August 29, 2015 § 1 Comment
At first clustering, or cluster analysis, may seem like sorting or separation. In reality, identifying clusters is more about pattern recognition and observing the association between similar groups of industry or potential customers. Seeing where they overlap, and where they don’t, paints a more nuanced picture of complex relationships between people or businesses that, at first, appear identical.
August 21, 2015 § 2 Comments
When Hajime Ichinose was chosen as a member of the new G-Crew, her viewpoint wasn’t initially welcomed – both by the in-universe cast and members of the viewing audience. She was enigmatic, communicated poorly with her teammates, and – for some – appeared to represent an all-encompassing love of modernization and social media to the detriment of tradition. While insight has shown that the latter is not the case, Hajime purposeful tackling of the dusty cobwebbed corners of superherodom introduced many of the G-Crew to the modern age. Through the simple use of social media, she tore down many societal preconceptions, allowing gatchamen and the average human to work side-by-side for a greater cause.
Tsubasa Misudachi was chosen for a completely different, but equally important, reason.
August 20, 2015 § 2 Comments
“Then, if we stay together, we’ll be immortal!”
-Yukari Hinata, Yuyushiki, Episode 5
Nearly all high school slice-of-life stories – K-ON!, Yuyushiki, Hidamari Sketch, Azumanga Daioh, even Free! immediately come to mind – pit the looming implications of graduation against the every day life of series participants. High school is a perfect fishbowl setting that allows for exploration in friendship group dynamics while the audience puts on their rose-tinted nostalgia glasses and celebrates their personal youth through a happier framework.
Graduation becomes something often dreaded by in-universe characters, as it will inevitably tear them apart. While they scramble about organizing their future plans, graduation to the viewer becomes the final curtain that closes across the stage, effectively ending the narrative.
As the audience is presumably watching a slice of the characters’ lives, the implication is that life goes on after that series or manga volume, just as their life continued – or will continue – following high school. It is this structure that School-Live! plays with.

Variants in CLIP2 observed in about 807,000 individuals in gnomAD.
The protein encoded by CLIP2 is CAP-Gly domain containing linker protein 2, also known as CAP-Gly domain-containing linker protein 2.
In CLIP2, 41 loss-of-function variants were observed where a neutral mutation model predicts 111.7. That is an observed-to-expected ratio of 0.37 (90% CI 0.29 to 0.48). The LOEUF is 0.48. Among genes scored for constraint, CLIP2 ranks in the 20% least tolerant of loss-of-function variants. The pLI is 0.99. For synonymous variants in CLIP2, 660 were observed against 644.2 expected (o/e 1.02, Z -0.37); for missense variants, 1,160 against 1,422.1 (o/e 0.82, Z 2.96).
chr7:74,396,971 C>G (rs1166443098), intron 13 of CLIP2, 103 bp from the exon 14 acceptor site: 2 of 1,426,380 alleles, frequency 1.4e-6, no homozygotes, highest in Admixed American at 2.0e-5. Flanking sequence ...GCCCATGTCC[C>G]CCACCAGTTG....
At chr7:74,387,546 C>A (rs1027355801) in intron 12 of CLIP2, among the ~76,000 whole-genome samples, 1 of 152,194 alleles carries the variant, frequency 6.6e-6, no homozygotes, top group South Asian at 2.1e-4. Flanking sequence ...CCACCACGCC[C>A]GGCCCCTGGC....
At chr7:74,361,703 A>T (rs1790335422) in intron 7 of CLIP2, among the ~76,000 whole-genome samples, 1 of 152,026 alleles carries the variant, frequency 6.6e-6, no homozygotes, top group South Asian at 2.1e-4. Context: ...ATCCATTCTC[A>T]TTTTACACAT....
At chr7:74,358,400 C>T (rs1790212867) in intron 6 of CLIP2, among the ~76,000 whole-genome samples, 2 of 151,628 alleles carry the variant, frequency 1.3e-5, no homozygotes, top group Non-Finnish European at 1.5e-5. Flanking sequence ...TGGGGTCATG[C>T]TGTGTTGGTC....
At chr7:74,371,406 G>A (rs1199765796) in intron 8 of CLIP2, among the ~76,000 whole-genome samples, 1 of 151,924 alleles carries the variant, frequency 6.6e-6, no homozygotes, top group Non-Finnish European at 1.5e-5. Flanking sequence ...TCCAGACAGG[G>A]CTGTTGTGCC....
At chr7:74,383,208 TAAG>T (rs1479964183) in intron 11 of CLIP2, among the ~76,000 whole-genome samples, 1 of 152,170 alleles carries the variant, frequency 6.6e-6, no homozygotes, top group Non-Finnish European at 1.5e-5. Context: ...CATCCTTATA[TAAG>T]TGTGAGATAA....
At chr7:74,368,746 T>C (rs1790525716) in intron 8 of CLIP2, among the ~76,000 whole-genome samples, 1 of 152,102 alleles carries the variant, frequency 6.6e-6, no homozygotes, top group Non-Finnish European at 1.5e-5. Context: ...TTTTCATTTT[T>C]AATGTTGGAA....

August 15, 2015 § 4 Comments
The current perception of traditional, so-called outbound, marketing is incredibly negative. Cold calling is a thing of the past, with the “do not call list,” caller ID, or the lack of a landline phone altogether. Most people employ ad-blockers online – even if they do purposefully disable them for sites they want to support – to rid themselves of website banners or pop-ups. Most snail mail is easily tossed into the nearest trash or recycling bin. And anyone who is asked by their company to dare and knock on the doors of people’s houses is certainly to be pitied – even girl scouts selling their well-known cookies can barely get away with this anymore.
Outbound marketing is the more traditional newspaper or magazine advertisement, designed to introduce the masses to one’s product. It’s easy to fall back on to create an initial contact point, or if one isn’t internet-savvy enough to maximize the potential of online inbound marketing. A mixture of both usually yields the best results, even with outbound marketing’s negative connotations.
August 8, 2015 § 6 Comments
For any retailer, corporation, or even political campaign, there is guaranteed to be an entire plan of action focused on customer or consumer engagement. Most retail stores have an “engagement” step in their actual selling process, and politicians visit very specific places to shake hands, sign autographs, and kiss the occasional baby. As Jou so succinctly said in insight‘s previous episode, people value face to face communication, even when it’s less efficient than texting, or chatting on GALAX.
When people feel like they’re genuinely cared for, they’re more likely to open themselves up to whatever you’re selling.